Images have never been so prevalent as they are in today’s age of Instagram and the internet. At a moment when we can capture countless images and carry them with us daily, photographer John Messinger uses an outmoded method of image-making—instant analog photography—to create complex visual mosaics comprised of dozens or even hundreds of individual images. These detailed compositions, with their carefully cropped and re-cropped subjects, highlight an abundance of visual information at a time when, as the artist has noted, more photographs were taken in a single year (2013) than had been created in the entire history of the medium until that point.
Messinger begins these intricate works, which can be seen in the exhibition “We Dream Alone” at New York’s UNIX Gallery, by turning his vintage Polaroid Land Camera on an unlikely subject: the computer screen. Sitting in front of a large monitor, he finds images from the internet, mining everything from image searches and Instagrams to his own Facebook profile. With a snap of the shutter, the digital world is recorded with the analog technology it has helped make obsolete. After shooting his images, Messinger begins the careful process of arranging the film into his sculptural tapestries—the idea for which he discovered while laying his Polaroid photos to dry on the roof of a borrowed van during a postgraduate road trip.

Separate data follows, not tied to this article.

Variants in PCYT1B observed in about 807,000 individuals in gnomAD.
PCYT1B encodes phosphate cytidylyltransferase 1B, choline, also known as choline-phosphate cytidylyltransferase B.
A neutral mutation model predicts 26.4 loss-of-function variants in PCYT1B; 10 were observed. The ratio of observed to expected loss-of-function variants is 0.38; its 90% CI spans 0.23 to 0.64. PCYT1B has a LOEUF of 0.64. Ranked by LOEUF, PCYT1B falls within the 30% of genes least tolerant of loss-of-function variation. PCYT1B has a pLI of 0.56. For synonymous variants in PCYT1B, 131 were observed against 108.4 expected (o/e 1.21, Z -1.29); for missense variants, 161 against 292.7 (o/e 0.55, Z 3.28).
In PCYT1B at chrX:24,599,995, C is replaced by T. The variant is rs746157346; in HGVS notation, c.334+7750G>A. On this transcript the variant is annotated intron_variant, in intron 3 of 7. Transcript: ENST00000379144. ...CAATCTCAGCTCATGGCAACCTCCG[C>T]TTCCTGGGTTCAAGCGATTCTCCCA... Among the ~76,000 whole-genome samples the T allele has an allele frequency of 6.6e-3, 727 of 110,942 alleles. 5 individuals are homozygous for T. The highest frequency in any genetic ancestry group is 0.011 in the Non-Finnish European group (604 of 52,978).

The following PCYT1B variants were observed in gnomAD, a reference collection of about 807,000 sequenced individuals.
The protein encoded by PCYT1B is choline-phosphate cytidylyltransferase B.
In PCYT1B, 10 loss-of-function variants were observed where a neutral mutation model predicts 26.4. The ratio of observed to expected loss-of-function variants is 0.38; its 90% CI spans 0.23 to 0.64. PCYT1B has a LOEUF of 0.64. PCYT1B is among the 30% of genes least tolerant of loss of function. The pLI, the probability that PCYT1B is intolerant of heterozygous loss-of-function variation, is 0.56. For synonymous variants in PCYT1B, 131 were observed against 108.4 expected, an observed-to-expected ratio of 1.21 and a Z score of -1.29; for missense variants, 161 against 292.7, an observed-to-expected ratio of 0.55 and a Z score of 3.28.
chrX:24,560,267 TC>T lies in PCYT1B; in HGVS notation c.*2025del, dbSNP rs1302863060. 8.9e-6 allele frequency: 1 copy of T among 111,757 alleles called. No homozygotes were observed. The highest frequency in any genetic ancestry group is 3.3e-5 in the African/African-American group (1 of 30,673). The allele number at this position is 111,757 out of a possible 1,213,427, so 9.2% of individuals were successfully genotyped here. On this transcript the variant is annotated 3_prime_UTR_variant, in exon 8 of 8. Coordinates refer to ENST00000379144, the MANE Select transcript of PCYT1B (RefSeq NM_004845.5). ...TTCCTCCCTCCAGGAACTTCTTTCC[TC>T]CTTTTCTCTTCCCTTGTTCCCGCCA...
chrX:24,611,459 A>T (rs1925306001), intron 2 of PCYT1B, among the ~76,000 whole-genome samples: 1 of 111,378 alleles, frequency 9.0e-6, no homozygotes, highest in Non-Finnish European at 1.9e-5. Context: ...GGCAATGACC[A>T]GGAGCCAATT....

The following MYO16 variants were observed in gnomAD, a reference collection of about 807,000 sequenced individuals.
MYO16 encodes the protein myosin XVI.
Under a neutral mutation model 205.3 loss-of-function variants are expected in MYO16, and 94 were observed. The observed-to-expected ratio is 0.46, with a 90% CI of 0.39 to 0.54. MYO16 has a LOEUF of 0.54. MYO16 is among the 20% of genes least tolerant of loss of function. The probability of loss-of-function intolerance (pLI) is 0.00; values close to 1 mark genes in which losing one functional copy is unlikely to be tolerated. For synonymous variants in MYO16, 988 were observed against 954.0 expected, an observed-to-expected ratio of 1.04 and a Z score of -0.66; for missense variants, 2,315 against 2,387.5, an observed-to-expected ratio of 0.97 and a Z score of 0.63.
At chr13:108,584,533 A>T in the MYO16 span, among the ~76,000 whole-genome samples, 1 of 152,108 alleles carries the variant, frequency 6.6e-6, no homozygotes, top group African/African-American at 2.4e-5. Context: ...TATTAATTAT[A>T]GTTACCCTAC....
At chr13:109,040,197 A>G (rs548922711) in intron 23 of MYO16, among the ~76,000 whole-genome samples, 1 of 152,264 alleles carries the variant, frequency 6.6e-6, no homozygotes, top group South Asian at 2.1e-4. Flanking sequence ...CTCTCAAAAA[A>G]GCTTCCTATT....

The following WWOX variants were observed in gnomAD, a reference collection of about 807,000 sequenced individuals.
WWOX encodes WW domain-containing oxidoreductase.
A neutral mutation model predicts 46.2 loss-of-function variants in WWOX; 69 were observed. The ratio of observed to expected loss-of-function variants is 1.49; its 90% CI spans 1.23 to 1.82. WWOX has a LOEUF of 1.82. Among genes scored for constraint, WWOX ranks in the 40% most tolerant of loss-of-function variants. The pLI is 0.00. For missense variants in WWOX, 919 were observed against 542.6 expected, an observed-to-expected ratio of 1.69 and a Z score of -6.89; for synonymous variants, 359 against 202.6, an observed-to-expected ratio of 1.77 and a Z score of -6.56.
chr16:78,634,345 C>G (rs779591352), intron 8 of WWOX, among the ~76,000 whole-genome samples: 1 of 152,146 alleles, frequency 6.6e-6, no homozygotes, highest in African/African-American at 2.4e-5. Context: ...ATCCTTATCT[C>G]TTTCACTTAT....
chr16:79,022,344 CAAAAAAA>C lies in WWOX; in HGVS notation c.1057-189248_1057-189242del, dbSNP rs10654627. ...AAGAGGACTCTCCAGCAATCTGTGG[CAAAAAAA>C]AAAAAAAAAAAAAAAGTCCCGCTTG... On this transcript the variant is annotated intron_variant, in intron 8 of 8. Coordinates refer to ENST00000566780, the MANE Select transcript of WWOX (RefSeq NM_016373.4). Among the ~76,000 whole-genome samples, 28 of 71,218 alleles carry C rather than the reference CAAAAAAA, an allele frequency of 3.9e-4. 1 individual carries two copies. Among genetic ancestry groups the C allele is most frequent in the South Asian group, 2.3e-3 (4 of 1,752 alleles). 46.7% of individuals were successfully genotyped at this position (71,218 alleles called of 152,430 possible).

The chemical process of the instant film he uses creates an image with no negative, an irreproducible copy of an intangible image capable of being disseminated infinite times over the internet—raising questions about the distinction between original and copy. But in the works, with their quiet, contemplative beauty, such question seems a bit outdated. What does original even mean in the 21st century? Does it even matter?